still be seen upon a library window sill). He was removed from school, and
by October 1659, he was to be found at Woolsthorpe-by-Colsterworth, where
his mother attempted to make a farmer of him. He was, by later reports of
his contemporaries, thoroughly unhappy with the work. It appears to be Henry
Stokes, master at the King's School, who persuaded his mother to send him
back to school so that he might complete his education. This he did at the
age of eighteen, achieving an admirable final report.
In June 1661, he was admitted to Trinity College, Cambridge. At that time,
the college's teachings were based on those of Aristotle, but Newton
preferred to read the more advanced ideas of modern philosophers such as
Descartes and astronomers such as Galileo, Copernicus and Kepler. In 1665,
he discovered the generalised binomial theorem and began to develop a
mathematical theory that would later become calculus. Soon after Newton had
obtained his degree in 1665, the University closed down as a precaution
against the Great Plague. For the next 18 months Newton worked at home on
calculus, optics and the law of gravitation.
Newton and Gottfried Leibniz developed calculus independently, using
their own unique notations (as most great mathematicians do.) Although
Newton had worked out his method years before Leibniz, he published almost
nothing about it until 1693, and did not give a full account until 1704.
Meanwhile, Leibniz began publishing a full account of his methods in 1684.
Moreover, Leibniz's notation and "differential Method" were universally
adopted on the Continent, and after 1820 or so, in the British Empire.
Newton claimed that he had been reluctant to publish his calculus because he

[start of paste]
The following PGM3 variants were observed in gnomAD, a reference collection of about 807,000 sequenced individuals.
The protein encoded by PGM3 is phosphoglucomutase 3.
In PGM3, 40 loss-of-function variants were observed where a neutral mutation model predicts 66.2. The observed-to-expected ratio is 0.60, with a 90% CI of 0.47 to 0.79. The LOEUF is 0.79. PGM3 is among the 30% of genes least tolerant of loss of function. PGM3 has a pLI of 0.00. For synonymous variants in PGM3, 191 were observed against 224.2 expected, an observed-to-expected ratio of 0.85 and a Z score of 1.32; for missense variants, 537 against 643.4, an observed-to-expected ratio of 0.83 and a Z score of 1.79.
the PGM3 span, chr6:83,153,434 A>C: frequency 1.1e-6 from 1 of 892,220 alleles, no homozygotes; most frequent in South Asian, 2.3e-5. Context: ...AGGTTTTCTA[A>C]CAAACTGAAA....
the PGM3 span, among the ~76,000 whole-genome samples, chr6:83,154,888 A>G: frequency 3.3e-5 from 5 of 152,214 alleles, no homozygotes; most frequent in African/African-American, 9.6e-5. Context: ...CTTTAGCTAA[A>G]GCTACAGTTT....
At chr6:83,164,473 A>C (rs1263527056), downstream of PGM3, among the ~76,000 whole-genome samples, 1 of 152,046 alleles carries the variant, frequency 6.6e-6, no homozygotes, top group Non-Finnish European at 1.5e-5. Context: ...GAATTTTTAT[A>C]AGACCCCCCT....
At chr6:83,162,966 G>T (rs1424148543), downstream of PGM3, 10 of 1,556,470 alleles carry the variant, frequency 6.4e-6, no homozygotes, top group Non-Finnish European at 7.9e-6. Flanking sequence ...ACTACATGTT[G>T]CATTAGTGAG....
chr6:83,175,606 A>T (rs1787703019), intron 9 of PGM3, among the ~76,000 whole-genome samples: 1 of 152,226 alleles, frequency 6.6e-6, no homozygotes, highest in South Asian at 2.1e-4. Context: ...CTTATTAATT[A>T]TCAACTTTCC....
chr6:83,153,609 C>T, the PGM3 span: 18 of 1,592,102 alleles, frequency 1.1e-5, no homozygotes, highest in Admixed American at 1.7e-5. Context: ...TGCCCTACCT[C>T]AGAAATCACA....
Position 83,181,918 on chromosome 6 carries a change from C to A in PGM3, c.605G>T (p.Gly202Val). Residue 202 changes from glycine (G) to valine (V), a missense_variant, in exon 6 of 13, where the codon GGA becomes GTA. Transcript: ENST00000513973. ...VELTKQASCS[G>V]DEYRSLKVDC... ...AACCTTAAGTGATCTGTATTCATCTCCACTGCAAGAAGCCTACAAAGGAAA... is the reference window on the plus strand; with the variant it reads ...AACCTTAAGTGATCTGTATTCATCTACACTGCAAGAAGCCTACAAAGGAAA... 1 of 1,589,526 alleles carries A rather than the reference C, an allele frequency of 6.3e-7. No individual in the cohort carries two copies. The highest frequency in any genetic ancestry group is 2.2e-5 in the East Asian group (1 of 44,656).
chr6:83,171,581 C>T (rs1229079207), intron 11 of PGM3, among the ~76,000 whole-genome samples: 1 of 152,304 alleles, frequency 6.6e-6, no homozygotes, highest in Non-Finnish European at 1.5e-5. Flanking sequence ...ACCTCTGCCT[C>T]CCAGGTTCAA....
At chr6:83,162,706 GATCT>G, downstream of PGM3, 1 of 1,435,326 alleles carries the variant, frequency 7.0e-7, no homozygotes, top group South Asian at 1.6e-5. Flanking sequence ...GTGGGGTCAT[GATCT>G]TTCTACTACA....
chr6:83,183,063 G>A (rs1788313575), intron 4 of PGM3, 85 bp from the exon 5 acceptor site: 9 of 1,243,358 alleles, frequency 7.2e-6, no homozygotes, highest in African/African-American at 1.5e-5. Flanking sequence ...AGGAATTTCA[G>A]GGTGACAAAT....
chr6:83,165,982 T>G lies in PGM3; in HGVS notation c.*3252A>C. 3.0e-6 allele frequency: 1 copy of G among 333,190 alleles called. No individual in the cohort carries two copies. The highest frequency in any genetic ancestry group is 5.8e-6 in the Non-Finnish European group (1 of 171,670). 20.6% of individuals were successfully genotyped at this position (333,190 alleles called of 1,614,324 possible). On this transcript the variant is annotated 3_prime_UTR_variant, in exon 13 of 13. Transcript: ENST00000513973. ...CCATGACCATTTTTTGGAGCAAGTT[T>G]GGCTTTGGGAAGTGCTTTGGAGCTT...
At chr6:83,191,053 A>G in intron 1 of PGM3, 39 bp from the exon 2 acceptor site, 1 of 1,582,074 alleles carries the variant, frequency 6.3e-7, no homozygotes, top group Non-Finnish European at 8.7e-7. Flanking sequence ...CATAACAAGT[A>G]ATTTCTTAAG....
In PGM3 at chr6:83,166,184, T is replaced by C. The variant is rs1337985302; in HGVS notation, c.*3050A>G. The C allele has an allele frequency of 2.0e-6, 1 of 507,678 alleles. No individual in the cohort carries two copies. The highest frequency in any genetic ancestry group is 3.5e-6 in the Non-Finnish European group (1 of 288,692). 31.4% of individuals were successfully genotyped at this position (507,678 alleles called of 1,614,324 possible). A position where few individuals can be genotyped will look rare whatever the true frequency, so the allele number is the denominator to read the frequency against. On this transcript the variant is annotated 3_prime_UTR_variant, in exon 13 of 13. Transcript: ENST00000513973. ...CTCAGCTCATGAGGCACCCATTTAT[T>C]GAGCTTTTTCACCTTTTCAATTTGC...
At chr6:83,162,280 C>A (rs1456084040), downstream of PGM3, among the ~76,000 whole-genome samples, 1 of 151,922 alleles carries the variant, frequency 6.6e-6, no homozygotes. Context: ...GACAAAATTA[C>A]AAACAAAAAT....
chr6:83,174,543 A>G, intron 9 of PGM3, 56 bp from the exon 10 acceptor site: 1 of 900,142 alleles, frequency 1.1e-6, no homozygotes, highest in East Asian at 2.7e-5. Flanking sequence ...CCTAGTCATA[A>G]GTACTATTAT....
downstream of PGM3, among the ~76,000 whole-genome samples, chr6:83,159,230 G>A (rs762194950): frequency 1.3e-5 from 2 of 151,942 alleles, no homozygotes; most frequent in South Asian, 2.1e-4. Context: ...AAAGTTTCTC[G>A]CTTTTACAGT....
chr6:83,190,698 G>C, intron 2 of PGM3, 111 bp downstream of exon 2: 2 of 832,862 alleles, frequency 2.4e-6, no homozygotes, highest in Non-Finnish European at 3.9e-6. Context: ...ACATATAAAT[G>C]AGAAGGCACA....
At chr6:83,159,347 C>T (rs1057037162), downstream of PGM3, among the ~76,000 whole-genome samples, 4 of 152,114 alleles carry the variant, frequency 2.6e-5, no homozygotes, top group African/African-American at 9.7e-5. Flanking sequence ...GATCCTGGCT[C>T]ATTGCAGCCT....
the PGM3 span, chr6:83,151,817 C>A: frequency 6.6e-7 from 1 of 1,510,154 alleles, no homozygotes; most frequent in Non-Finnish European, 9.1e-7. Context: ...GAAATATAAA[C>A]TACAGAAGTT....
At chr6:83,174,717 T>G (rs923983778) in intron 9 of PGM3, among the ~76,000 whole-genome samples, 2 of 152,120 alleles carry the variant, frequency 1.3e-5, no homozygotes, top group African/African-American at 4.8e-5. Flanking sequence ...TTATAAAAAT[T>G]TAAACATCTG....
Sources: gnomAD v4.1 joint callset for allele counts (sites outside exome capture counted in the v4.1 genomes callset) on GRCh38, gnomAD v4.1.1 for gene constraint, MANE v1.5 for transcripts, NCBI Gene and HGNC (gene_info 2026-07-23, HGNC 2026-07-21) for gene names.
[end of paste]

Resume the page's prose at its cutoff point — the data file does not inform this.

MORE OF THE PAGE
feared being mocked for it. Starting in 1699, other members of the Royal
Society accused Leibniz of plagiarism, and the dispute broke out in full
force in 1711. Thus began the bitter calculus priority dispute with Leibniz,
which marred the lives of both Newton and Leibniz until the latter's death
in 1716. This dispute created a divide between British and Continental
mathematicians that may have retarded the progress of British mathematics by
at least a century.
Newton is generally credited with the generalized binomial theorem, valid
for any exponent. He discovered Newton's identities, Newton's method,
classified cubic plane curves (polynomials of degree three in two
variables), made substantial contributions to the theory of finite
differences, and was the first to use fractional indices and to employ
coordinate geometry to derive solutions to Diophantine equations. He
approximated partial sums of the harmonic series by logarithms (a precursor
to Euler's summation formula), and was the first to use power series with
confidence and to revert power series. He also discovered a new formula for
He was elected Lucasian professor of mathematics in 1669. In that day, any
fellow of Cambridge or Oxford had to be an ordained Anglican priest.
However, the terms of the Lucasian professorship required that the holder
not be active in the church (presumably so as to have more time for
science). Newton argued that this should exempt him from the ordination
requirement, and Charles II, whose permission was needed, accepted this
argument. Thus a conflict between Newton's religious views and Anglican
orthodoxy was averted.
From 1670 to 1672, Newton lectured on optics. During this period he
investigated the refraction of light, demonstrating that a prism could
decompose white light into a spectrum of colours, and that a lens and a
second prism could recompose the multicoloured spectrum into white light.
A replica of Newton's 6-inch reflecting telescope of 1672 for the Royal
Society.He also showed that the coloured light does not change its